It is doubtful, however, whether politicians would hold themselves accountable for the judges they appoint. The opposite is more likely the case. President Eisenhower is on record somewhere as having said that one of the biggest mistakes of his presidency was to appoint Earl Warren to the Supreme Court as Chief Justice. The liberaldecisions of the Warren court were anathema to the conservative forces in the United States, then and probably even today. In the United States, where judge-watching and judge-polling is a fine art, studies have been undertaken of appointees to the Supreme court failing to live up to their expectations ofthe Presidents nominating them.7 Indeed their failure to holdany allegianceto theirnominatorspeaksvolumes fortheirimpartiality and integrity. Justice Ruth Bader Ginsburg, presently a serving justice of theUS Supreme Court, has touted as examples Chief Justice Burger, a Nixon appointee, deciding against President Nixon during the Watergate tapes controversy and more recently Clinton appointees joining in refusing president Clinton temporary immunity in the Paula Jones case.8

The judges accept it. The question really is : how far does it go both in terms of acceptance and criticism ?


When Prof. Allan Paterson conducted a survey for his book9 of the sitting Lawlords of the seventies, he was surprised to find that many of them did not address their mind to the question of who their audiences were.Amajority perceived their speeches as either correcting mistakes of lower courts orproviding guidanceto them.Only Lords Reid, Pearson and McDermott indicated that where possible the judgements should be intelligible to the man in the street.10

Lee’s viewpoint however cannot be taken too far. Judgements are not to be written as simplified newspaper pieces for public consumption. The process of reasoning in a judgement should reflect its integrity and explain its conclusion. If it has to be a technical piece, it has to be just that.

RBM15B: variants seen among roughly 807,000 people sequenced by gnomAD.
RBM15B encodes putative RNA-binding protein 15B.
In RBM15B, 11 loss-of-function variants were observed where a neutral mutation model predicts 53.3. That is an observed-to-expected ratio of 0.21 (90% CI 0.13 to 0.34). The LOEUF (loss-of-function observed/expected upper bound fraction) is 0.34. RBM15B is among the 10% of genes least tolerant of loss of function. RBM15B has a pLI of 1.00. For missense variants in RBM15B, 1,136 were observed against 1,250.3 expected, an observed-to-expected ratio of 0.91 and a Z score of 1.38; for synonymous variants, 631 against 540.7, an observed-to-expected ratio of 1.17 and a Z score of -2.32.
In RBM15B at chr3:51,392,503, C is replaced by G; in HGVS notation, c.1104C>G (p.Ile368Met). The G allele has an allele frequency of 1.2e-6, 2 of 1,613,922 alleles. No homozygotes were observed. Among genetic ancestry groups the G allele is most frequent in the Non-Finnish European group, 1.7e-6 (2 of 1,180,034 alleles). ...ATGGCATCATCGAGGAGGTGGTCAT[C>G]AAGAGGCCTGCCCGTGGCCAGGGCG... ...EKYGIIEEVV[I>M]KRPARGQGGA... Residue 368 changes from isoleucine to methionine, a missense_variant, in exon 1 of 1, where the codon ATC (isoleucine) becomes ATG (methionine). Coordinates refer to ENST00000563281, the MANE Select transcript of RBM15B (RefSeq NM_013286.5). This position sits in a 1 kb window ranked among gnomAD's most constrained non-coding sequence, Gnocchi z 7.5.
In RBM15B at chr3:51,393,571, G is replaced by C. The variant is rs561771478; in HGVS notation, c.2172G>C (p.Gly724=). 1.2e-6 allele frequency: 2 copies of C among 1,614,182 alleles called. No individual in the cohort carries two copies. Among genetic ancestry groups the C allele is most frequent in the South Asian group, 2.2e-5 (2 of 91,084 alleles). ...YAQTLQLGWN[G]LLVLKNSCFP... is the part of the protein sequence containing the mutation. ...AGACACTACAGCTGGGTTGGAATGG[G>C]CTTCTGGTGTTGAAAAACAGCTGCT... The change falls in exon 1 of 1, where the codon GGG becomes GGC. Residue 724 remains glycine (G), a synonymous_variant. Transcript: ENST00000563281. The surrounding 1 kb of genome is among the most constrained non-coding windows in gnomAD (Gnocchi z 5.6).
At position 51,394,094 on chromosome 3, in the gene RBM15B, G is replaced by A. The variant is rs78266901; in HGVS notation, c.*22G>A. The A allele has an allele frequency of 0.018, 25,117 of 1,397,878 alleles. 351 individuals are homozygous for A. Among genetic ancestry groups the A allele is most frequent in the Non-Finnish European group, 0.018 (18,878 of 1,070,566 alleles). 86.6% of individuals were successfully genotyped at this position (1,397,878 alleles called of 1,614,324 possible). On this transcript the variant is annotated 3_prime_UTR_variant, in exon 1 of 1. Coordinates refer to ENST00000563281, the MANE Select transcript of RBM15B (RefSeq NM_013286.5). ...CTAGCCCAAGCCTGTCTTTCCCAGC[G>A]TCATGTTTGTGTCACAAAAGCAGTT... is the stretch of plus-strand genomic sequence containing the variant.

Chief Justice Brennan ofAustralia eschewed any suggestion that the duties of the judiciary are owed to the electorate. They are owed, he says, to the law, which is there for the peace, order and good government of all in the community.11 He rightly acknowledges that judges should give account forexercise ofthe judicialpower, especially when pronouncing judgements ofsignificance, but that therealproblem is not the giving of the account but “the reporting and the critical appreciation of the account that is given.”12

Public and media criticism of judges and judgements is acommon feature throughout the common law world today.Sir Anthony Mason says: “Like other public institutions, the judiciary must be subject to fair criticism and, if the occasion demands it, trenchant criticism. What I am concerned with is response to criticism, particularly criticism that is illegitimate and irresponsible.” 13

Whilst the response would seem to vary between the judiciaries of the developing and the developed commonwealth countries, there is common agreementthatunwarranted and irresponsiblecriticism subverts judicialindependence. Former Chief Justice Bhagwati of India says: “Justice is not a cloistered virtue and it must be allowed to suffer the criticism and respectful, though outspoken, comments of ordinary men and women. But improper or intemperate criticism of judges stemming from dissatisfaction with their decisions constitutes a serious inroad into the independence of the judiciary and, whatever may be the form or shape which such criticism takes, it has the inevitable effect of eroding the independence of the judiciary. Each attack on a judge for a decision given by him or her is an attack on independence of the judiciary because it represents an attempt on the part of those who indulge in such cri ti ci sm t o co erce jud icia l co nfor mi ty wit h th ei r own preconceptions and, thereby, influence the decision making process.”14

In Canada, it is said that the journalists have declared open season on the judiciary.15 Butoften itis thepoliticians who are the worst offenders, as the experience ofAustralia and the United States shows.In Australia, the Wik decision on native title fights brought on criticism in the most offensive language mostly from politicians. The justices were lablled as ‘bogus’, ‘pusillanimous and evasive’, “guilty of plungingAustralia into abyss” “a pathetic self-appointed group of kings and queens”, etc.16